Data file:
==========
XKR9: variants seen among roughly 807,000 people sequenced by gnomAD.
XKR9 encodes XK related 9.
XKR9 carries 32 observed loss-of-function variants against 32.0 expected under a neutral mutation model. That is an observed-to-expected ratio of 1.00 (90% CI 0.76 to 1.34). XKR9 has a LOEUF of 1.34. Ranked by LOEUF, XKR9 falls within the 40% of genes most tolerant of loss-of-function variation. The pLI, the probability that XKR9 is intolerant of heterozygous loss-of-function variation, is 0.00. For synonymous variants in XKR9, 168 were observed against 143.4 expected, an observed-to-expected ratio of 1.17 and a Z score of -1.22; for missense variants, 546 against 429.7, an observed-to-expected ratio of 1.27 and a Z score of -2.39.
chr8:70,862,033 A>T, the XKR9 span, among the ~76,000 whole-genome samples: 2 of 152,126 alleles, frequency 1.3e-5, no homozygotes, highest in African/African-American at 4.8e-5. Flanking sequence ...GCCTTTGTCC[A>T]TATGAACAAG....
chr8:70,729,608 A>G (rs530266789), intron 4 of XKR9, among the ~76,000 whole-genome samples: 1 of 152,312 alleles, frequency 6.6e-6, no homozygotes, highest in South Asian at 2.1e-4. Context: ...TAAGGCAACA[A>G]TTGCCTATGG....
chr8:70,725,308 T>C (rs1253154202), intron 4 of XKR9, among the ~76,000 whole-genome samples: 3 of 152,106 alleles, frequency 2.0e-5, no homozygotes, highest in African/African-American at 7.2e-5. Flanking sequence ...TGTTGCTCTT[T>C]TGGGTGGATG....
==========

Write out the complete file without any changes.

XKR9: variants seen among roughly 807,000 people sequenced by gnomAD.
XKR9 encodes XK related 9.
XKR9 carries 32 observed loss-of-function variants against 32.0 expected under a neutral mutation model. That is an observed-to-expected ratio of 1.00 (90% CI 0.76 to 1.34). XKR9 has a LOEUF of 1.34. Ranked by LOEUF, XKR9 falls within the 40% of genes most tolerant of loss-of-function variation. The pLI, the probability that XKR9 is intolerant of heterozygous loss-of-function variation, is 0.00. For synonymous variants in XKR9, 168 were observed against 143.4 expected, an observed-to-expected ratio of 1.17 and a Z score of -1.22; for missense variants, 546 against 429.7, an observed-to-expected ratio of 1.27 and a Z score of -2.39.
chr8:70,862,033 A>T, the XKR9 span, among the ~76,000 whole-genome samples: 2 of 152,126 alleles, frequency 1.3e-5, no homozygotes, highest in African/African-American at 4.8e-5. Flanking sequence ...GCCTTTGTCC[A>T]TATGAACAAG....
chr8:70,729,608 A>G (rs530266789), intron 4 of XKR9, among the ~76,000 whole-genome samples: 1 of 152,312 alleles, frequency 6.6e-6, no homozygotes, highest in South Asian at 2.1e-4. Context: ...TAAGGCAACA[A>G]TTGCCTATGG....
chr8:70,725,308 T>C (rs1253154202), intron 4 of XKR9, among the ~76,000 whole-genome samples: 3 of 152,106 alleles, frequency 2.0e-5, no homozygotes, highest in African/African-American at 7.2e-5. Flanking sequence ...TGTTGCTCTT[T>C]TGGGTGGATG....